x Abu Dhabi, UAE Friday 21 July 2017

Take the good, not the bad, on Twitter

Twitter has advantages as long as people are able to discern facts from fiction and rumours

For many people around the world, Twitter has replaced traditional news sources, in part because of the sheer volume of information that flows through the social media platform. But the size and speed of that flow makes it hard to discern accurate information from rumours and falsehoods. Some people even use Twitter to incite hatred, insult and defame others. Others use it to stoke speculation or religious and sectarian tensions. “Trolling” is a growing phenomenon in the Twittersphere, as those who can’t or won’t confront others in real life hide behind their keyboards.

Lt Gen Dhahi Khalfan Tamim, Dubai’s deputy chairman of police security, brought the issue to the FNC on Monday. As The National reported yesterday, he said that many people misuse social media to spread lies and rumours that taint the image of the UAE. He called for the establishment of a government committee to fight online attacks against the country. Indeed, the wisest response a government can have is to use the platform to respond to lies with the truth.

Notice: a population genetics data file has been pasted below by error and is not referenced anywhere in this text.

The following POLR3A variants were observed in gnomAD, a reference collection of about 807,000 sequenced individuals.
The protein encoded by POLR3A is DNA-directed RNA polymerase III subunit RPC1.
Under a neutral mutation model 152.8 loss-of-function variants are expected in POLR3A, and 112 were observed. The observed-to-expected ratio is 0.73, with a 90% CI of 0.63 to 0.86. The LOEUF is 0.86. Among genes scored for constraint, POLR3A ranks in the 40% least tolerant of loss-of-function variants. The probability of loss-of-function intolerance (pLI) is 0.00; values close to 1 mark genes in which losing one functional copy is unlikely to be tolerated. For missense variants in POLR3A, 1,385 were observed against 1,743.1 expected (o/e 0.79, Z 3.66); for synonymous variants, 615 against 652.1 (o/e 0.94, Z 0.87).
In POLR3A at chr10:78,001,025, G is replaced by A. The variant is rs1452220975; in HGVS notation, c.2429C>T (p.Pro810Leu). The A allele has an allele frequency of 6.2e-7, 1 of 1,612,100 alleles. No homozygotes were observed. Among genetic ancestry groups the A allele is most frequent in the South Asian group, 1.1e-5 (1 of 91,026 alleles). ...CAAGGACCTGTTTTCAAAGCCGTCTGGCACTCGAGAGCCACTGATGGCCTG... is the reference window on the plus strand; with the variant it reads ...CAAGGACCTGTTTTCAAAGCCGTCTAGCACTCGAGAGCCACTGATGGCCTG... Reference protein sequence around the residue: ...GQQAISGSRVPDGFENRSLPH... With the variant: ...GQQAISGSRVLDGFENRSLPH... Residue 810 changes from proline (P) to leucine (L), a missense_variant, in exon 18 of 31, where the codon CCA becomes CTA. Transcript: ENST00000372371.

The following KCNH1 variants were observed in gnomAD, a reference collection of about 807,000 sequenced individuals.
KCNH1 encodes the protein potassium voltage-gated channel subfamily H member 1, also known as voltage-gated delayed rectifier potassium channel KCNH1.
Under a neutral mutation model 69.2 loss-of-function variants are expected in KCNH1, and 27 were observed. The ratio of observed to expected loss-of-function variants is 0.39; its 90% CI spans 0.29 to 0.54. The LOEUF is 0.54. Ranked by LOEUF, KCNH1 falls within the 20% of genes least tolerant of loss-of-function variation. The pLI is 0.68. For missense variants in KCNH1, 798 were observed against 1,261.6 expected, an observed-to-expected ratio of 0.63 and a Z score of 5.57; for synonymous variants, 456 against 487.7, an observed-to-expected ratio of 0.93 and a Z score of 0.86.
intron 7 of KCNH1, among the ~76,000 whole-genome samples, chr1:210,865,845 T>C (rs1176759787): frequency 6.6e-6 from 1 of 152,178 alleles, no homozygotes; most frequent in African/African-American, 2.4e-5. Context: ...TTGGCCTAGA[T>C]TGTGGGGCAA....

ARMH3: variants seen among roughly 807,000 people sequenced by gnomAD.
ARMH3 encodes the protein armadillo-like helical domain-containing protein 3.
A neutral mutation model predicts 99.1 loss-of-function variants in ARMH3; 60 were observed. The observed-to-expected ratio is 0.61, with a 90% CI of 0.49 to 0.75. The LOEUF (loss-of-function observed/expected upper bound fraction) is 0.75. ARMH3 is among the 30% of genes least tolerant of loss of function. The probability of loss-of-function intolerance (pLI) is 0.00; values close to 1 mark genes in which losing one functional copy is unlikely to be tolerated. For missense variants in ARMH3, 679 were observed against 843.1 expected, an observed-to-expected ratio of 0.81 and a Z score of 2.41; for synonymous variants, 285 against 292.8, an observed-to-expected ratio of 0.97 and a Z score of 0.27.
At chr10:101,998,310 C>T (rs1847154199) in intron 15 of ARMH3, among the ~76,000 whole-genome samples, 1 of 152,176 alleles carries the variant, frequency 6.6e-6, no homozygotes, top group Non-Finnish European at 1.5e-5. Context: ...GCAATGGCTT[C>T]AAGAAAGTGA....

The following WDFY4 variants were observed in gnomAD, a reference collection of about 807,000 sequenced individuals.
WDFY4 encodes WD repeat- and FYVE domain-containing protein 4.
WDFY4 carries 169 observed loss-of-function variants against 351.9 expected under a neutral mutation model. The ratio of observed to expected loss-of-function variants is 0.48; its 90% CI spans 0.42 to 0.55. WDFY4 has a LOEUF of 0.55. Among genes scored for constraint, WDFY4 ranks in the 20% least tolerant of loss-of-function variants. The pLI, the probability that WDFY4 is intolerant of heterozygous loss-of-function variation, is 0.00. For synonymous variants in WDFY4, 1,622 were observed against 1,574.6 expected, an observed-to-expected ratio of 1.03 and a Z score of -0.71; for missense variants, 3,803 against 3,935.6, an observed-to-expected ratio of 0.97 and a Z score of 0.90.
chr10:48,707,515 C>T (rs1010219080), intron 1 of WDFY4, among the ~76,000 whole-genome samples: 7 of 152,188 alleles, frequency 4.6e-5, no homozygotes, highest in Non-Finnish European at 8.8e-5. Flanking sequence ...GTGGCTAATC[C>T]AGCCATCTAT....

Both officials and ordinary people need to deal with Twitter in a mature manner. Banning or regulating Twitter is not practical or necessarily desirable, not least because it has many positive uses. What is needed is the voice of reason and real information to be put forward, allowing users to choose the authoritative sites and filter out the bad sources through unfollowing. This way, users can regulate their own experience.

Twitter is a good tool for government to communicate with the public, and many UAE officials use it for this purpose. The World Leaders on Twitter Ranking Report shows that Sheikh Mohammed bin Rashid, Vice President and Ruler of Dubai, is among the top 10 of the 123 heads of state who use Twitter for citizen engagement. And just this week, Sheikh Mohammed bin Zayed, Crown Prince of Abu Dhabi and Deputy Supreme Commander of the Armed Forces, used Twitter to reassure the general public about President Khalifa’s health.

There are many advantages to using Twitter. It makes social interaction easier, allows people’s voices to be heard, spreads emergency information quickly when it’s needed, and helps organisations to reach out to potential clients. It is not a space that would benefit from further regulation, but from further interaction between credible sources and Twitter’s users.